I would also not bring a tripod and instead get a gorilla pod. One of those small bendable tripods. They work really well.

***Actually, a side note about tripods in general to any budding photographer not shooting large format. If you are going out during the day to shoot photos, leave them at home. They just get in the way. The sooner you learn this the better.***

As for lenses, 50 is great, or the sigma 30 1.4 if you are using a camera with a 1.6 crop. The 30 is like a true 50 on those bodies.

You would probably want to look into a longer zoom too. The standard 'fast' zoom is a 70-200 f2.8. Sigma makes a good one of those too. Or you may find a used canon one.
posted by WickedPissah at 3:57 PM on October 19, 2010

In addition to the real gear, take a cheapo little digital with you, or get a phone that can take decent enough shots. There will be times you won't have your camera with you and will want to take little shots here and there. Don't be wishing you had your real gear handy, and don't be resenting the fact that you have to lug your real gear everywhere.
posted by Cool Papa Bell at 3:58 PM on October 19, 2010

I'd say you should get a small, dedicated point-n-shoot instead of a phone with a camera, because even p'n's can get you some downright nice pictures, and have the ability to take pictures with (vaguely) manual settings. Camera phones, while advancing, probably won't last long enough if you're using them to take a decent sum of pictures, plus you can't get second batteries as easily as you can for cameras.

If you really want to travel lightly, and have the flexibility of limited luggage, spend money on a great point'n'shoot with ample storage cards and back-up batteries. Easier to hide, less likely to draw attention, and you can still get good shots. But that's from me, whose last "big" camera was a PowerShot G5.
posted by filthy light thief at 5:15 PM on October 19, 2010

... which I loved, but found it 1) too slow for shooting on a whim, and 2) increasingly annoying to have it bouncing around, even in a good case. Having a little point-n-shoot that you can stick comfortably into a pants pocket is great, in my opinion.
posted by filthy light thief at 5:16 PM on October 19, 2010

Agreeing with CPB about a small simple pocket camera with not much zoom but a good lens. I'd agree with the fastest 50 (although I've been reading about 35's). If you have the bucks, that new nikon 18-300 sounds sweet. Maybe try out a monopod? I'd have one of those mini-tripods with bendable legs. I know I'm slipping off topic but really more than the camera, research. Great locations and how to get there before sunrise so you can get the light. And the next location each day at evening magic time. Sounds like a great trip, post your upload site in projects.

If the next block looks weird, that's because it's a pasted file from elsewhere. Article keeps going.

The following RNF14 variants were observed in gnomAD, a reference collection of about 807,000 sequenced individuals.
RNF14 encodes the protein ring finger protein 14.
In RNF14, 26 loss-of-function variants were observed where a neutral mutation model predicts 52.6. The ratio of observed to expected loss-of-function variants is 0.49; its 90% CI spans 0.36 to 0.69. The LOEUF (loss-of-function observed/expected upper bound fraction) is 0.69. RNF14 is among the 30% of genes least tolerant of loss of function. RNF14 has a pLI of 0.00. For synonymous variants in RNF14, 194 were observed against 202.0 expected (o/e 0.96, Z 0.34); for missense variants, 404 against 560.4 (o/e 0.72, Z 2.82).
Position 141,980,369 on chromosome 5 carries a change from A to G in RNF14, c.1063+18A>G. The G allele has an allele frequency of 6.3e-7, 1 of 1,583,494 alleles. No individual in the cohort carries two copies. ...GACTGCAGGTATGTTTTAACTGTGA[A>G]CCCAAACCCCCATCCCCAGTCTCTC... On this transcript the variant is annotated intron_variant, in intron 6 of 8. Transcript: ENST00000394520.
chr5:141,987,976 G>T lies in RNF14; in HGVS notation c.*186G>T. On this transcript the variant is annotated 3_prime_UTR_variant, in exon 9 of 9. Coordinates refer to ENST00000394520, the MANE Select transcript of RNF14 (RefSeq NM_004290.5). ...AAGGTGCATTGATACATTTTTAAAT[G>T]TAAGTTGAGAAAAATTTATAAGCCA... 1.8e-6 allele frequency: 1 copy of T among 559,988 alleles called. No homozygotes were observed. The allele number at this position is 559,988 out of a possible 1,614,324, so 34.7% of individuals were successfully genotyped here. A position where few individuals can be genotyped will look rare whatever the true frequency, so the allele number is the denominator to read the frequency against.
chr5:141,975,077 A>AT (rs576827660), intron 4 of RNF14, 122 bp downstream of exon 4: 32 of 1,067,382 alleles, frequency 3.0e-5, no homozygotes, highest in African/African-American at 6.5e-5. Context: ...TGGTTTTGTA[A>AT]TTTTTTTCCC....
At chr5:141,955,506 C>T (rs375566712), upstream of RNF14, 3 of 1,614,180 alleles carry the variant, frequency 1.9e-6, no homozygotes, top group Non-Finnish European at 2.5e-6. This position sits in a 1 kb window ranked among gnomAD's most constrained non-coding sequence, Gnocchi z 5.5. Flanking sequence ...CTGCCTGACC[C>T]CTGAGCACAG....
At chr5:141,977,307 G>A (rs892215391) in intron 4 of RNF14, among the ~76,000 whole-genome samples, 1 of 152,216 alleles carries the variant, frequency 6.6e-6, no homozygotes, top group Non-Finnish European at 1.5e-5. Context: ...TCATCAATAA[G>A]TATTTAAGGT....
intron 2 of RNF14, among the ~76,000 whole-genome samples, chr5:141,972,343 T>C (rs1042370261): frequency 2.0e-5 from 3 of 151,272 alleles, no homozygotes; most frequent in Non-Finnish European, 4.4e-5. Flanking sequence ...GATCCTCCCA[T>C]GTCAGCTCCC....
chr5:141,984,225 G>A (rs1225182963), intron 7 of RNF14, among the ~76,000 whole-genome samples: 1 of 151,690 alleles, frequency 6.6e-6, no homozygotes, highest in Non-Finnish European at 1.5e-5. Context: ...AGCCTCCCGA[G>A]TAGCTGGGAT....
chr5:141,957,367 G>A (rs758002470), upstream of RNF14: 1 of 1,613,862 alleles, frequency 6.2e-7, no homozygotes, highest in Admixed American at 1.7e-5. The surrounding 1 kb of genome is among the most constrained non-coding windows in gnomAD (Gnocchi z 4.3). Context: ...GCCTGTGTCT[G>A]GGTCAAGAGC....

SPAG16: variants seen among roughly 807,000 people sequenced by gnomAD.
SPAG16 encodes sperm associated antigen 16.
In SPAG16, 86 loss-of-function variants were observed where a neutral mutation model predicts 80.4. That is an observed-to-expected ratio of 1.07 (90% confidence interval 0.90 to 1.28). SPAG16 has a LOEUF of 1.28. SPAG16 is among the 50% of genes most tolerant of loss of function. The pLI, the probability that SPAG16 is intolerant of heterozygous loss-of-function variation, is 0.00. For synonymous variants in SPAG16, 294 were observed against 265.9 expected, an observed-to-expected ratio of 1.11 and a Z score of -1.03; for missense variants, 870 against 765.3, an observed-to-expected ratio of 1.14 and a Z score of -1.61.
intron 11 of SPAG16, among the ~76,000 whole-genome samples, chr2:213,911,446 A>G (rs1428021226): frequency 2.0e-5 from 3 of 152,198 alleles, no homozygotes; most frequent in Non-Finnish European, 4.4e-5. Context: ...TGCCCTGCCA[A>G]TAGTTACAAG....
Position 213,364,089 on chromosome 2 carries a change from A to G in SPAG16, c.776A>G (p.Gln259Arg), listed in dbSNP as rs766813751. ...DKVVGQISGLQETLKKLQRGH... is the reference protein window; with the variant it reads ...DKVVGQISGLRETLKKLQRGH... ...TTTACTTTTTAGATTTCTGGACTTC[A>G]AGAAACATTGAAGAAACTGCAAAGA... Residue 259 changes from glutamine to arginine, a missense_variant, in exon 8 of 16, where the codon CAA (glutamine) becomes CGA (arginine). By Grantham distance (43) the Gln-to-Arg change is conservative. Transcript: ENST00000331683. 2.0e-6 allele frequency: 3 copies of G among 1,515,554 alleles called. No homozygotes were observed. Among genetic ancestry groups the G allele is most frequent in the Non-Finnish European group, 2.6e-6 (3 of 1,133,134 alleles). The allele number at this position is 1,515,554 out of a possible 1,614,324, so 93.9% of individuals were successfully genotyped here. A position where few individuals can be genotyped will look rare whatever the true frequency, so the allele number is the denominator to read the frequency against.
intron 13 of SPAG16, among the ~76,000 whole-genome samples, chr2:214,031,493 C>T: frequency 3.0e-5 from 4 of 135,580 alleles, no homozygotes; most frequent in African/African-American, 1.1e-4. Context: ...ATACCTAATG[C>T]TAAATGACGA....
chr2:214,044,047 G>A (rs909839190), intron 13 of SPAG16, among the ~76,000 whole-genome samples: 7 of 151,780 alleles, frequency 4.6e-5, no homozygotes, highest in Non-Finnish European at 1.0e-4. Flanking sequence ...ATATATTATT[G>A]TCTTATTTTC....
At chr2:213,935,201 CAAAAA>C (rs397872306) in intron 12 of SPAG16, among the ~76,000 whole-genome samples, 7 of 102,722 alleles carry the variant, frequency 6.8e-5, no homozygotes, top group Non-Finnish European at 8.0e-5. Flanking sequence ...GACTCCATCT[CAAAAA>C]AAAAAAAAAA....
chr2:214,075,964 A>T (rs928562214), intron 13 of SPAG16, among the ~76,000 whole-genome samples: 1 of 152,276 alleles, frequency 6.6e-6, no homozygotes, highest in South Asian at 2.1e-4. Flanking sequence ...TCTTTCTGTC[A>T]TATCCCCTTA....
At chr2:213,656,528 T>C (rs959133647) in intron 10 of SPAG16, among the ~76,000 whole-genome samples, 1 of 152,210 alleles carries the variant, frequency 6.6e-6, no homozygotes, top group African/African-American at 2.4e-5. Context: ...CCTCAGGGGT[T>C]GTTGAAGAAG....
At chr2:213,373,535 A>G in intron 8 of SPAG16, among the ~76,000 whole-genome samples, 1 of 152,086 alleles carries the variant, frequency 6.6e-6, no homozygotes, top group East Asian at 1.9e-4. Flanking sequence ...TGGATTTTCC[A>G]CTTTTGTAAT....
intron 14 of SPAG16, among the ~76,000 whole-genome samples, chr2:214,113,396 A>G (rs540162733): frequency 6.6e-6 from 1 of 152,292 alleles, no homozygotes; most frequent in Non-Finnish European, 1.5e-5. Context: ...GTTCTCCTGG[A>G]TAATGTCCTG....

posted by sammyo at 5:17 PM on October 19, 2010

Best answer: When we travel, our bare bones camera kit is:

- One body with cheap looking neck strap (it's comfortable but it doesn't say CANON all over it)
- a 10-22mm EFS
- a 24-70mm EF
- a 70-200 ultrasonic IS - this thing weighs about 5 lbs so it's the most likely to be left at home and it also draws a ton of attention, so it's not useful in cities.
(I haven't traveled out of the states with it yet, but I love, love, love my new 100mm EF F2.8 L IS for close shots of small things and for, surprisingly, people. It's small and light and it might get added to our barebones kit.)
- a cleaning kit - lens cloth, air puff, maybe a brush or something for knocking dust off the sensor
- lots and lots of gigantic size plastic bags that will fit each lens and body
- those packets of silica gel that absorb water that come in shoe boxes. If you're buying shoes for the trip, just ask the nice sales person to round some up for you.
- extra battery + charger
- extra memory card
- some kind of external hard drive that photos can be dumped down onto on a daily basis. This gadget generally stays in the hotel room while we're out and about. Bonus - some can store movies which can be watched on the trip out. Then the movies can be deleted to make room for the photos. We use the Vosonic 8860. Get one with the screen, because in the evening you can look over the pictures and maybe get someone to identify some of what you shot.

You might consider marking your gear in some subtle, identifying way. Engrave it, scratch it, nailpolish dot - something that you know it's *your* lens and not somebody else's lens.

We've used lowepro bags. We won't use them again. All lowepros are too long for my spine. Worse, our lowepro allweather slingshot resulted in us not being able to use our 70-200mm for the last week of a trip to Borneo and having to mail it back to Canon for a repair. A poncho and/or plastic bags have worked better at keeping water out of the lenses.

Whatever bag we're using, we try to scuff it up and take the logo off if it's something like lowepro that can only be a camera bag.

You don't always realize how dusty the world is until you get there. Sometimes you just can't switch lenses if you value your sensor. I wouldn't take the fixed length lenses - you can't always change your standing, you can't switch lenses fast enough, it's not always easy to juggle the two lenses and a body, and you don't always want everyone knowing just how much gear you're packing.